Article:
This was, by far, one of the most challenging and most rewarding adventures I have ever done. While I know I could have prepared better for this one, I think even for the most physically and mentally ready person is still in for a challenge. Don’t let this deter you from attempting all or parts of this route, though. The alpine lakes, beautiful meadows, amazing people, mountain views, hot springs, creek baths and delicious diner food provide a well-deserved reward for your work. The trail, as it stands, is rugged. It is new. It is raw. And this is one of the privileges that I had as one of the first to attempt this trail. I expect that some of it will become more tame with time, but I also know that this gem of Oregon will remain challenging and will entice those who want to rise to the occasion. While I am disappointed that I did not get to do the entire route due to injury, I know that it will still be there when I get healed up so I can try again.
If you are interested in riding this trail, DO IT! The biggest thing that I learned is that it was much more rugged than most other things I have ever ridden on a loaded bike on a multi-day trip, so be prepared for that. I would try to do it as early in the year as you can (barring snow melt) to avoid the mosquitos and to have a more ample supply of water in the streams. I would definitely bring all the bike maintenance supplies that you would need out there in the wild.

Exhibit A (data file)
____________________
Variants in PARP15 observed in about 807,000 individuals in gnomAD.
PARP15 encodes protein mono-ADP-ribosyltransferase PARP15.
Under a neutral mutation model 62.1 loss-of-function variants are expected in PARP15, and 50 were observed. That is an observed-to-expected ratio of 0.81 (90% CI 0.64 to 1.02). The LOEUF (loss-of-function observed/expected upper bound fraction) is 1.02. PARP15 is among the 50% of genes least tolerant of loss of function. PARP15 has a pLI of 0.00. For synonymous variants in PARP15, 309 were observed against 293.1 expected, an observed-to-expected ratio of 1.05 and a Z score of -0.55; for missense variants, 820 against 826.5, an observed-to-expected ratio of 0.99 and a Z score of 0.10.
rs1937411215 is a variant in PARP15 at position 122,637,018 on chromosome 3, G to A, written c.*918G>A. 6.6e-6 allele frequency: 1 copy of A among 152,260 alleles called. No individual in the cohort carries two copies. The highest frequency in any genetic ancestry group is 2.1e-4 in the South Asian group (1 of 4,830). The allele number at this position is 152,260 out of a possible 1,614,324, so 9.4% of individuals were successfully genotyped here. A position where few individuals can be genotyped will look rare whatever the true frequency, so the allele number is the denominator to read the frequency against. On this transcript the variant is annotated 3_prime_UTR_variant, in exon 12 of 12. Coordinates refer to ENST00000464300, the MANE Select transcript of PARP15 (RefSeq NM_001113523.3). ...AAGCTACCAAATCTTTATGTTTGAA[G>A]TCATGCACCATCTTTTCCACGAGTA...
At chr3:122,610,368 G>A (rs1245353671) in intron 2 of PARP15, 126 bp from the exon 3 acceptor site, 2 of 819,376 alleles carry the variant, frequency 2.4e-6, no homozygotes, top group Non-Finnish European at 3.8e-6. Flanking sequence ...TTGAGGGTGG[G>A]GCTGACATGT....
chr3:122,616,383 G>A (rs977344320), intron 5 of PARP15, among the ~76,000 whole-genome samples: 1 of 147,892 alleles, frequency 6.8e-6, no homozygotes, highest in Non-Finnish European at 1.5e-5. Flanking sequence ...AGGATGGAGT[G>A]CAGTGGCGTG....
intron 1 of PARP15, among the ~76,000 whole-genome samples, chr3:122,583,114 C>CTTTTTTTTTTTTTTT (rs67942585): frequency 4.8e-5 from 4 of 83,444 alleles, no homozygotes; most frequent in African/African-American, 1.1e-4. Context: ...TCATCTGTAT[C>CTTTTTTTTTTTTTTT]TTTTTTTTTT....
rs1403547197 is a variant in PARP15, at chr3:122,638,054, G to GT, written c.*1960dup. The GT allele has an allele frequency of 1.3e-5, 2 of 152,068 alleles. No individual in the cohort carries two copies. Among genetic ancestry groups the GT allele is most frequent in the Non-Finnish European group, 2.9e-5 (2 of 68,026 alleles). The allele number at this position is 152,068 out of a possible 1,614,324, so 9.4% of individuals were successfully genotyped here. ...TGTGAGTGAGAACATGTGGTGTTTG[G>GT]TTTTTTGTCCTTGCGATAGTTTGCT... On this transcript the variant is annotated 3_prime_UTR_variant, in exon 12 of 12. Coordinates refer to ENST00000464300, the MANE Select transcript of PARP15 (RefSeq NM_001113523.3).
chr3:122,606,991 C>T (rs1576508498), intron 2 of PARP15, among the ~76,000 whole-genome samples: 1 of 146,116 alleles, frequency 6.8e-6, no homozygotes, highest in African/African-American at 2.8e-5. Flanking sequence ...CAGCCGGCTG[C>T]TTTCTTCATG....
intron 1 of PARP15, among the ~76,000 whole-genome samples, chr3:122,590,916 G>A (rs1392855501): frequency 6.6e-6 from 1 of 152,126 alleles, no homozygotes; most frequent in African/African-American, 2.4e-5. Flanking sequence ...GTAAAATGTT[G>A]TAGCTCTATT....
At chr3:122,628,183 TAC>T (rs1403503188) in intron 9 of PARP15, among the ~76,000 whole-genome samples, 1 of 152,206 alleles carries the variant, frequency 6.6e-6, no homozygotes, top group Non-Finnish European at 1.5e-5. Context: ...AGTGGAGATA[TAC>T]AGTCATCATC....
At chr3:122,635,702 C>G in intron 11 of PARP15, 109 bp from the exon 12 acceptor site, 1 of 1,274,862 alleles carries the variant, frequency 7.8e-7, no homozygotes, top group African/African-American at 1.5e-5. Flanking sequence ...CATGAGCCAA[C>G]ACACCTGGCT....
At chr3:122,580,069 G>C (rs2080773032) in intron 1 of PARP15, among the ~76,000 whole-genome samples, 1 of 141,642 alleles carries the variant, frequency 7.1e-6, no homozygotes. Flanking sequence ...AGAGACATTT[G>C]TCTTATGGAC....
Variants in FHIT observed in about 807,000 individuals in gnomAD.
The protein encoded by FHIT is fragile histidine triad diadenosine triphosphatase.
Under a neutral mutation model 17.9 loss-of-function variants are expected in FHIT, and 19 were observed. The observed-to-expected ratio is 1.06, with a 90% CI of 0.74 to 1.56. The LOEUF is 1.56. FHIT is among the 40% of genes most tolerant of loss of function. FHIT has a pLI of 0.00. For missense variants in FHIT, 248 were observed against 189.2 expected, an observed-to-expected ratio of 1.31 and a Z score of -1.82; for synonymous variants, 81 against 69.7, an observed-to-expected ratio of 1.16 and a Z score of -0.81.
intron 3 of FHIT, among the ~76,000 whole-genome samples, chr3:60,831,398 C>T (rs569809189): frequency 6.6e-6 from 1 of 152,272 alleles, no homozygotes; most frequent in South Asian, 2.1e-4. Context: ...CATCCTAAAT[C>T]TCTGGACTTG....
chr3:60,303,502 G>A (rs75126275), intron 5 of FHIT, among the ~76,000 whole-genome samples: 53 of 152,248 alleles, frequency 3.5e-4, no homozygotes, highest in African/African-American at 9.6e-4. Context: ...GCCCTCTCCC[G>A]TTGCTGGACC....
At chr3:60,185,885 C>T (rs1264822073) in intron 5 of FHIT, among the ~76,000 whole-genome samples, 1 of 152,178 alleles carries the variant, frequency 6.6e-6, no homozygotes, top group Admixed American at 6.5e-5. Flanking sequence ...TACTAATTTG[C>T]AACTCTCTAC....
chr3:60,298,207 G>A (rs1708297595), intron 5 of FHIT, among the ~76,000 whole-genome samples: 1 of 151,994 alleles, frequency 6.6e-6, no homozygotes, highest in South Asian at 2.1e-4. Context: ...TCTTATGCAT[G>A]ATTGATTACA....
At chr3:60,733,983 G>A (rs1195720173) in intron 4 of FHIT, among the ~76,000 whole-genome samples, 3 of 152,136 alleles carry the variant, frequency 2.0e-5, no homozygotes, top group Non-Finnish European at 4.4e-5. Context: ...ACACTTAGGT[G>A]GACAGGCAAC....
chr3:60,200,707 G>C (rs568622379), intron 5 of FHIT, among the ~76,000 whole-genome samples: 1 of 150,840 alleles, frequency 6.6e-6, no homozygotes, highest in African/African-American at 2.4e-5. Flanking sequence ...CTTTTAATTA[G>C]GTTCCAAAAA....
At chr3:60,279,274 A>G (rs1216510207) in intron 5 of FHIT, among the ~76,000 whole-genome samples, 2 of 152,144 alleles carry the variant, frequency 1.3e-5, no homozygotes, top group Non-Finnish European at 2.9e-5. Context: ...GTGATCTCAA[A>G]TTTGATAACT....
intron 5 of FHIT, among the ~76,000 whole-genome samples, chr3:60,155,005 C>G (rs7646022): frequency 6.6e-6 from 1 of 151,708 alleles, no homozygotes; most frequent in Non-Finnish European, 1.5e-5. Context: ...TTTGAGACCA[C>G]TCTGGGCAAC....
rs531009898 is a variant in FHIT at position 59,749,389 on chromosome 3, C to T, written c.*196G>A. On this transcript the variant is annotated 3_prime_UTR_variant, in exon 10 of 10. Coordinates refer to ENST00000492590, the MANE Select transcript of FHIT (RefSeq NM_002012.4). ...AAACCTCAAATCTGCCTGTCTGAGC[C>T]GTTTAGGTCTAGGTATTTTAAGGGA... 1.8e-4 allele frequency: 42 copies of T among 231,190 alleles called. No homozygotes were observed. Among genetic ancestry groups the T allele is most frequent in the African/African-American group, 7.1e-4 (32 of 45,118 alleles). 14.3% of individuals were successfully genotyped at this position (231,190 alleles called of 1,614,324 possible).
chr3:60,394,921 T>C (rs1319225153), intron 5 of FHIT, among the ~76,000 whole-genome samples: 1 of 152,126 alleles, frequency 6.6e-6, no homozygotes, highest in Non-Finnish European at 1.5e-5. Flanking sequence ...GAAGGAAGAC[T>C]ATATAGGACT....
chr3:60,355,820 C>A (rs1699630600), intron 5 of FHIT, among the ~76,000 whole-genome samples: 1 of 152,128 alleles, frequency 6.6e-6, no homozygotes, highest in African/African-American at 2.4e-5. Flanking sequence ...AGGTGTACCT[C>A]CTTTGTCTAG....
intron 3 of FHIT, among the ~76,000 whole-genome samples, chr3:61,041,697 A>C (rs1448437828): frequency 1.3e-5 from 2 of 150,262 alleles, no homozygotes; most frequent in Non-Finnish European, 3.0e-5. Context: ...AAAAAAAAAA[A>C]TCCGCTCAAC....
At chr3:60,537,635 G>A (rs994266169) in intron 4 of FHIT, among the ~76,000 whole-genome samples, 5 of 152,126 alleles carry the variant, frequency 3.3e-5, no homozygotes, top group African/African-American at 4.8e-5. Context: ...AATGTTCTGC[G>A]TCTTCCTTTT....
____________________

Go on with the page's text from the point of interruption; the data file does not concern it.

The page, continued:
Unless you are looking for 12- to 14-hour days in the saddle, I would plan shorter mileage per day than you think you want to do (18 to 20 miles, for example versus 28 to 40). You can always go a little further if you need, but chances are you’ll be glad you opted for the shorter time. Take the time to enjoy your rewards. Stop and take in the views of the valleys below you and of the towering old-growth trees and caterpillar-filled manzanita bushes, even if you are so tired you want to fall over. It will make the trip more worth it than you ever imagined.
One of the perks about this trail system is that it is divided up into tiers that are visible on the map, which allows riders to ride portions of the trail or make shorter looped routes without having to do the entire thing. Each tier tends to offer a different landscape, so I would definitely try to get out an experience them all. And my biggest tip, as it is with all adventures, is to try your best to respect the beautiful countryside that you are adventuring in and make friends with the people in the towns that you are rolling through. The OTT is a new trail, and many people have yet to hear about it. The more you can be an ambassador for the sport, the more you will promote a more enjoyable experience for those who come after you, making this a better trail and community for years to come! Happy adventuring!